Time, mass and custard provide the physics in The Earthworks

Time, mass and custard provide the physics in The EarthworksThe Earthworks combines romance with quantum theory

Topher McGrillis/RSC

In 2015, writer Tom Morton-Smith took on the father of the atomic age with his hit play Oppenheimer, an epic biography of the obsessive and tormented scientist, which eventually transferred from the Royal Shakespeare Company to London’s West End. He returns to Stratford-upon-Avon for the RSC’s Midsummer Mischief season of new work, bringing a one-act play set at another turning point for particle physics, the first activation of the Large Hadron Collider at CERN near Geneva, Switzerland.

The Earthworks, presented in a double bill with Matt Hartley and Kirsty Housley’s deconstructed dinner-party drama Myth, is a tentative romance played against a field of quantum theory: a kind of Lost in Translation for the Higgs boson generation.

Rather than thrusting us into the bowels of the machine or the centre of the action, Morton-Smith focuses on a more human collision, between jobbing blogger Clare and Norwegian physicist Fritjof as they maraud around a Swiss hotel in the dead of night. While the story beats are not especially original, the concepts, and their resonance for this tale of loss and healing, are fascinating.


Clare is something of a newbie when it comes to the groundbreaking work of CERN. She’s searching for a scoop, but can’t wrap her head around the science. This gives Fritjof the opportunity to expound on the significance of what Clare insists on referring to as “the God particle“, providing some handy background on elementary particles, the “standard model“, Peter Higgs, and the role of the largest machine ever created.

As Clare and Fritjof deliver some classroom demonstrations of non-Newtonian fluids via a midnight custard fight in the hotel kitchen, Fritjof slowly unwinds his own story of love and loss. Even as we glimpse the role of the Higgs boson in explaining why particles have mass, we begin to appreciate the weight of the physicist’s own memories and regrets.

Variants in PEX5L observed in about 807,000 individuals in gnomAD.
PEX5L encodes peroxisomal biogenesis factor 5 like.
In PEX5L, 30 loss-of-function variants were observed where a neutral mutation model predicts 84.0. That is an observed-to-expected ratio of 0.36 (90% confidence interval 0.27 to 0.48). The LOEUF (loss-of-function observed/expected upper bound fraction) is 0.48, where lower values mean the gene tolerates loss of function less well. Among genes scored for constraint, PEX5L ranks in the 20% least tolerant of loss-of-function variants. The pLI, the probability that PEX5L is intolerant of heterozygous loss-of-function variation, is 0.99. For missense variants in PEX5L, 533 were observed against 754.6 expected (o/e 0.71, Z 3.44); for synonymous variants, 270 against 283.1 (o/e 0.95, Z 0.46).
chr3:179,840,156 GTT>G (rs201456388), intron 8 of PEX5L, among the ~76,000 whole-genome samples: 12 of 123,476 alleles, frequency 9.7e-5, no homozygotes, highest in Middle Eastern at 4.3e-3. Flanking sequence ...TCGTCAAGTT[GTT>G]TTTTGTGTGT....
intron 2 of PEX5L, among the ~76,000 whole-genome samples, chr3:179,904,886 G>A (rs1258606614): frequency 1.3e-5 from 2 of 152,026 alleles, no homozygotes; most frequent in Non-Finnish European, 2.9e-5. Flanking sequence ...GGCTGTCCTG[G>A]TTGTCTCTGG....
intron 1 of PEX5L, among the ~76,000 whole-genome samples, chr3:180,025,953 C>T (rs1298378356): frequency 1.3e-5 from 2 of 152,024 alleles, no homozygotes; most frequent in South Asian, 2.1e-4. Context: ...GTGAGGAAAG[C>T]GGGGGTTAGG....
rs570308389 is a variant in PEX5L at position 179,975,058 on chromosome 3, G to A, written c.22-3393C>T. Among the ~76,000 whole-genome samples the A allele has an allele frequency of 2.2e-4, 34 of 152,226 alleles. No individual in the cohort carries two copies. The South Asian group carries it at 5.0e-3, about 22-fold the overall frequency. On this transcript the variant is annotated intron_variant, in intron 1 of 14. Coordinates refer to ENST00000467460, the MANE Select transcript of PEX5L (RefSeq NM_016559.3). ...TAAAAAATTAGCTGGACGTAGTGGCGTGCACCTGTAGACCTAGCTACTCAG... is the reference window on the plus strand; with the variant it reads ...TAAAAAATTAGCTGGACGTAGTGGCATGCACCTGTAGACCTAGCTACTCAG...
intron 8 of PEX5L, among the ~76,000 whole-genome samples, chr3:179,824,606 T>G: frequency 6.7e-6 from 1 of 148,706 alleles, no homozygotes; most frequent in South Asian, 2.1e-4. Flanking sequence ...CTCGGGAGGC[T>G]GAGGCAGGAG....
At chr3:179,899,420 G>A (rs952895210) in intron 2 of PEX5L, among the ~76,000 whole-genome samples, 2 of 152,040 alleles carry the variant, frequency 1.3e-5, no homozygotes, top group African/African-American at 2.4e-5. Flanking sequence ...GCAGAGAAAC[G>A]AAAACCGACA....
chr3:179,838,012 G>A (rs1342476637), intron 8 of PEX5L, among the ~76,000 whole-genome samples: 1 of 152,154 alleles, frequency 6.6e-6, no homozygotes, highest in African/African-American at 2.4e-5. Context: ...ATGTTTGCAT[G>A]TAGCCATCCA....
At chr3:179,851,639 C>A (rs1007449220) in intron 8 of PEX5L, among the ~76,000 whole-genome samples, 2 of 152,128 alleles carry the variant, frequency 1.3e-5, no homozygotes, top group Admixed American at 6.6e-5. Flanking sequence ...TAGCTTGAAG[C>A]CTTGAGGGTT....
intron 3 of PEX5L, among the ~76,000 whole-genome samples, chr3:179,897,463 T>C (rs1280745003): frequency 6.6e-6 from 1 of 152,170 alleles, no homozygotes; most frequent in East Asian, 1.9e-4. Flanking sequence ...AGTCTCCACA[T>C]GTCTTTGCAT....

Slow glass

More fascinating – though less scientifically or dramatically rigorous – is Morton-Smith’s exploration of “slow glass”, a fictitious transparent material with massively complex refractive properties that effectively slow down the speed at which light passes through it. Slow glass made its first appearance in a short science-fiction story by Bob Shaw, “Lights of Other Days” (1966), where it was used as a metaphor for the impossibility of recapturing the past.

Morton-Smith plays his own unique riff on Shaw’s story, and the glass itself is a fascinating object – iPad-black but glowing with deep and dappled green light. Though Fritjof’s story of this priceless experimental material being used to tile his living room is a tad implausible, and never quite achieves the pathos of Shaw’s original tale, it’s a witty and moving update of an irresistible idea.

Thomas Magnussen is pleasingly dry as Fritjof, his coolness gradually tempered by booze and the chatty Clare, played on just the right side of irritating by Lena Kaur. There’s also great work from Rebecca Humphries as hotel concierge Herta, whose implacable application of rules, initially played for laughs, comes to signify the unalterable laws of action and reaction, and the impossibility of evading consequence, no matter how long we stare into the past with our magical mirrors.

The Earthworks runs at The Other Place, Stratford-upon-Avon, until 17 June

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